He wondered what color “clean slates” were and just how clean most of them were, and just where one might acquire a “clean slate”? Evidently there was a huge market in “fake clean slates”, but where could one find a real one, a legitimately “clean” slate. And then he wondered whether it was possible to actually keep a clean slate, once acquired, clean. Probably not, he decided, possibly impossible, which explained why they were so hard to find. A used market in clean slates seemed oxymoronic, or perhaps just moronic. If at all, one had to make them oneself. But out of what he wondered? Then he wondered if any enterprising self-help guru had ever written a treatise on the construction, care and maintenance of clean slates.
Hmmm, there were self-help books on just about anything so why not this he wondered. Of course, most self-help books were little more than dribble: aphorisms mixed with clichés and old wives tails in pretty packages. He recalled the only honest self-help book he’d ever read, a tiny pamphlet really, one page long; actually, one conclusory sentence without much of a preface and absolutely no afterword. He wondered if a pamphlet, as a literary form or genre, could be that short. It dealt with the easiest way the author knew of to make a fortune. His answer was: to write and successfully market a self-help book on the “Easiest Way to Make a Fortune”. Whether or not it had any validity was of course irrelevant, which was the essential nature of self-help books. So, … about clean slates?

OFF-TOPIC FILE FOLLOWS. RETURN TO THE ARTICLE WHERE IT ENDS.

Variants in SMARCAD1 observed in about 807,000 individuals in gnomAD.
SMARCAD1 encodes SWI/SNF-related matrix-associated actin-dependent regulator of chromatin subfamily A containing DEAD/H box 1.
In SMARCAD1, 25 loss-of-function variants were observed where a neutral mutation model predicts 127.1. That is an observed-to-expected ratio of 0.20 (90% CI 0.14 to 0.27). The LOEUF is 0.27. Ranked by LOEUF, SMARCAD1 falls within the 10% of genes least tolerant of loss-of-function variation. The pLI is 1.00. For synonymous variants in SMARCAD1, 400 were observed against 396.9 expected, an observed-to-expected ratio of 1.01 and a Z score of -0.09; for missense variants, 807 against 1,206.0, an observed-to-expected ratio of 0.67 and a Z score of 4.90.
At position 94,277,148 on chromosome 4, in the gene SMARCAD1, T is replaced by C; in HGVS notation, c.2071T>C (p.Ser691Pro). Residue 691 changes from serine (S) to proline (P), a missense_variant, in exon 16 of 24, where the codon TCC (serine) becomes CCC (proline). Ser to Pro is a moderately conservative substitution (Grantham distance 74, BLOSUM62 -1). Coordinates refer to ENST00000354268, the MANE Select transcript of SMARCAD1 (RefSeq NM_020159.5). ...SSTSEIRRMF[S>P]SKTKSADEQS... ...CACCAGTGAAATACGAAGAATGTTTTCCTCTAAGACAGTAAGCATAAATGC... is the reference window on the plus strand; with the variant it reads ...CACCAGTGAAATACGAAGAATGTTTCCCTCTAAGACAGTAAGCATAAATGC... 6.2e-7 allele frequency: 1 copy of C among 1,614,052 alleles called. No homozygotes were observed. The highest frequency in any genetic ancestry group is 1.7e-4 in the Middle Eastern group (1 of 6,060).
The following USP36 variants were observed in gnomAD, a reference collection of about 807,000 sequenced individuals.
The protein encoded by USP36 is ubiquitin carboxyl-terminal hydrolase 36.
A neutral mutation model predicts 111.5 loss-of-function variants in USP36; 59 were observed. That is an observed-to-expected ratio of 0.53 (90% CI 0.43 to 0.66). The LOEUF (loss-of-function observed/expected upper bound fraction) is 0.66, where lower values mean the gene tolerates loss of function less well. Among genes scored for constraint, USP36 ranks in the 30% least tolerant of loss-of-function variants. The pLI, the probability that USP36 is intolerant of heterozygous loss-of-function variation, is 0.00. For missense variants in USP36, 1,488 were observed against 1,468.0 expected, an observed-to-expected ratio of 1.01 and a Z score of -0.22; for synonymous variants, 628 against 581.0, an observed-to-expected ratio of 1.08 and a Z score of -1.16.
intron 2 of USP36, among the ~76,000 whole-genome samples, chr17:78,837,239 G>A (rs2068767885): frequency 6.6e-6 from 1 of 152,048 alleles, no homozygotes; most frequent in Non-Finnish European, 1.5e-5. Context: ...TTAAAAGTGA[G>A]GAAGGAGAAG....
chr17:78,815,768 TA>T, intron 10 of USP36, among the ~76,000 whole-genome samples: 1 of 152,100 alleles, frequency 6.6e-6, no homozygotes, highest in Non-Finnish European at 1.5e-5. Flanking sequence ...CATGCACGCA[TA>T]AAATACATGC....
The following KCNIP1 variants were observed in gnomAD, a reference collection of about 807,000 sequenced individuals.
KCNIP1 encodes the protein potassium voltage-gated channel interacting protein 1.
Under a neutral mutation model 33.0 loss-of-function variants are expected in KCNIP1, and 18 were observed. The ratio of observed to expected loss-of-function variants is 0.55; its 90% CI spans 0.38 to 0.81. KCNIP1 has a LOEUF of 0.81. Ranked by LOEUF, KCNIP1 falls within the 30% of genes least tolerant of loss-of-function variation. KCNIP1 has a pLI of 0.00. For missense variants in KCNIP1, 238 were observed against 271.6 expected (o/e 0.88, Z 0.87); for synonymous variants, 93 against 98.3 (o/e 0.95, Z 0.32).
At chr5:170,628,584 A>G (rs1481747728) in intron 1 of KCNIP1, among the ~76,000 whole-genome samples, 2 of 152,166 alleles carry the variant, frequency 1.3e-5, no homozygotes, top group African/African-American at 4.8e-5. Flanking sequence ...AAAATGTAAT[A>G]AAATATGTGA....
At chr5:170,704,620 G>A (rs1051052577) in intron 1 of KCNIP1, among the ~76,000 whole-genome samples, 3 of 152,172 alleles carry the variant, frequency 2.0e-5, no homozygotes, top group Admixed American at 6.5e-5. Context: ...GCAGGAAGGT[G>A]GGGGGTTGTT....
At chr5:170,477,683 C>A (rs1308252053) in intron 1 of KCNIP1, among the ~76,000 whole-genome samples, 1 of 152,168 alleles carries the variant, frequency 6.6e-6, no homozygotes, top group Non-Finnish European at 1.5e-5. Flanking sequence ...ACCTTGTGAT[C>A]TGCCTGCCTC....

Tabulas razas he supposed.
© Guillermo Calvo Mahé; Manizales, 2021; all rights reserved. Please feel free to share with appropriate attribution.
Guillermo (“Bill”) Calvo Mahé (a sometime poet) is a writer, political commentator and academic currently residing in the Republic of Colombia (although he has primarily lived in the United States of America of which he is also a citizen). Until 2017 he chaired the political science, government and international relations programs at the Universidad Autónoma de Manizales. He is currently a strategic analyst employed by Qest Consulting Group, Inc. He has academic degrees in political science (the Citadel), law (St. John’s University), international legal studies (New York University) and translation and linguistic studies (the University of Florida’s Center for Latin American Studies). He can be contacted at firstname.lastname@example.org and much of his writing is available through his blog at http://www.guillermocalvo.com.